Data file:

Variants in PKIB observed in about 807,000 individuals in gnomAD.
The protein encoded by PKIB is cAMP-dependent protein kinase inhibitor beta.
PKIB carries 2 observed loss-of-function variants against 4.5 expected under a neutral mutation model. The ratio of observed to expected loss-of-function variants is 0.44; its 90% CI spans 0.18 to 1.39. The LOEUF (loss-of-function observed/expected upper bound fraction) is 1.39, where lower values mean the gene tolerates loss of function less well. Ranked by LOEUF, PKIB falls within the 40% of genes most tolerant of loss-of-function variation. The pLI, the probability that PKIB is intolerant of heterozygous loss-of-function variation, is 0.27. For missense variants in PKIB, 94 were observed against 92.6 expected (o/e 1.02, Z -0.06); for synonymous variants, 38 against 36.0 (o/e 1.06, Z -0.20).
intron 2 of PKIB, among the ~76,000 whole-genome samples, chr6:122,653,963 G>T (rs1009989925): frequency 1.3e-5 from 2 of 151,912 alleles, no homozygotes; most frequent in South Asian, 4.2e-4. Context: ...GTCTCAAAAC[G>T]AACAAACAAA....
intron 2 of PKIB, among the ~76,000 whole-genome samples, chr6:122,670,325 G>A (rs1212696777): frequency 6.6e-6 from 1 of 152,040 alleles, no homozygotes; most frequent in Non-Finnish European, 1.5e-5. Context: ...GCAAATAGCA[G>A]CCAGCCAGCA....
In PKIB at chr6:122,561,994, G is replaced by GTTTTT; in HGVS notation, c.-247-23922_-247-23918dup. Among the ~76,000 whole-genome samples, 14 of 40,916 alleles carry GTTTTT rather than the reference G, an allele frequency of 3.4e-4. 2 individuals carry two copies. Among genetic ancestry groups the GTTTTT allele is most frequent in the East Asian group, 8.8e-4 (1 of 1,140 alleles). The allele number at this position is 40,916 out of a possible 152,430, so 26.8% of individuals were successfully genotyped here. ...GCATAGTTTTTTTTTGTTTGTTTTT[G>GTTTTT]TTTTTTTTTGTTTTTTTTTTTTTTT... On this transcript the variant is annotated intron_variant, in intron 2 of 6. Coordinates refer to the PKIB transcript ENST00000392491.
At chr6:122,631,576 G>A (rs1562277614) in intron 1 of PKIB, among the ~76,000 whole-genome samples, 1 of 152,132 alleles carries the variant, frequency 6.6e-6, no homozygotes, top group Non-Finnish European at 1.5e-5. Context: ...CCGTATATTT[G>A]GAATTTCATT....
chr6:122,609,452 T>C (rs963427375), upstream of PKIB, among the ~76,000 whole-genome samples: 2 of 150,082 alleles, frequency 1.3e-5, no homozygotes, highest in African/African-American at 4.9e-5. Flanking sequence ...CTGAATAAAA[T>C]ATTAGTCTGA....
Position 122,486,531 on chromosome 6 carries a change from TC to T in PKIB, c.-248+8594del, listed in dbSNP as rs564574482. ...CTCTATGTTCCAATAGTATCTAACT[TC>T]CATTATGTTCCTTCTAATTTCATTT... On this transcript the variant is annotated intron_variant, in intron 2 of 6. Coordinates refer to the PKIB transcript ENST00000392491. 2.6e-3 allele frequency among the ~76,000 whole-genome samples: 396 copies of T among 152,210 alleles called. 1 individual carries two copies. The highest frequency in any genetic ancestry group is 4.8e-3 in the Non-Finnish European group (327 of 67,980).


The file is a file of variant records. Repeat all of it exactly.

Variants in PKIB observed in about 807,000 individuals in gnomAD.
The protein encoded by PKIB is cAMP-dependent protein kinase inhibitor beta.
PKIB carries 2 observed loss-of-function variants against 4.5 expected under a neutral mutation model. The ratio of observed to expected loss-of-function variants is 0.44; its 90% CI spans 0.18 to 1.39. The LOEUF (loss-of-function observed/expected upper bound fraction) is 1.39, where lower values mean the gene tolerates loss of function less well. Ranked by LOEUF, PKIB falls within the 40% of genes most tolerant of loss-of-function variation. The pLI, the probability that PKIB is intolerant of heterozygous loss-of-function variation, is 0.27. For missense variants in PKIB, 94 were observed against 92.6 expected (o/e 1.02, Z -0.06); for synonymous variants, 38 against 36.0 (o/e 1.06, Z -0.20).
intron 2 of PKIB, among the ~76,000 whole-genome samples, chr6:122,653,963 G>T (rs1009989925): frequency 1.3e-5 from 2 of 151,912 alleles, no homozygotes; most frequent in South Asian, 4.2e-4. Context: ...GTCTCAAAAC[G>T]AACAAACAAA....
intron 2 of PKIB, among the ~76,000 whole-genome samples, chr6:122,670,325 G>A (rs1212696777): frequency 6.6e-6 from 1 of 152,040 alleles, no homozygotes; most frequent in Non-Finnish European, 1.5e-5. Context: ...GCAAATAGCA[G>A]CCAGCCAGCA....
In PKIB at chr6:122,561,994, G is replaced by GTTTTT; in HGVS notation, c.-247-23922_-247-23918dup. Among the ~76,000 whole-genome samples, 14 of 40,916 alleles carry GTTTTT rather than the reference G, an allele frequency of 3.4e-4. 2 individuals carry two copies. Among genetic ancestry groups the GTTTTT allele is most frequent in the East Asian group, 8.8e-4 (1 of 1,140 alleles). The allele number at this position is 40,916 out of a possible 152,430, so 26.8% of individuals were successfully genotyped here. ...GCATAGTTTTTTTTTGTTTGTTTTT[G>GTTTTT]TTTTTTTTTGTTTTTTTTTTTTTTT... On this transcript the variant is annotated intron_variant, in intron 2 of 6. Coordinates refer to the PKIB transcript ENST00000392491.
At chr6:122,631,576 G>A (rs1562277614) in intron 1 of PKIB, among the ~76,000 whole-genome samples, 1 of 152,132 alleles carries the variant, frequency 6.6e-6, no homozygotes, top group Non-Finnish European at 1.5e-5. Context: ...CCGTATATTT[G>A]GAATTTCATT....
chr6:122,609,452 T>C (rs963427375), upstream of PKIB, among the ~76,000 whole-genome samples: 2 of 150,082 alleles, frequency 1.3e-5, no homozygotes, highest in African/African-American at 4.9e-5. Flanking sequence ...CTGAATAAAA[T>C]ATTAGTCTGA....
Position 122,486,531 on chromosome 6 carries a change from TC to T in PKIB, c.-248+8594del, listed in dbSNP as rs564574482. ...CTCTATGTTCCAATAGTATCTAACT[TC>T]CATTATGTTCCTTCTAATTTCATTT... On this transcript the variant is annotated intron_variant, in intron 2 of 6. Coordinates refer to the PKIB transcript ENST00000392491. 2.6e-3 allele frequency among the ~76,000 whole-genome samples: 396 copies of T among 152,210 alleles called. 1 individual carries two copies. The highest frequency in any genetic ancestry group is 4.8e-3 in the Non-Finnish European group (327 of 67,980).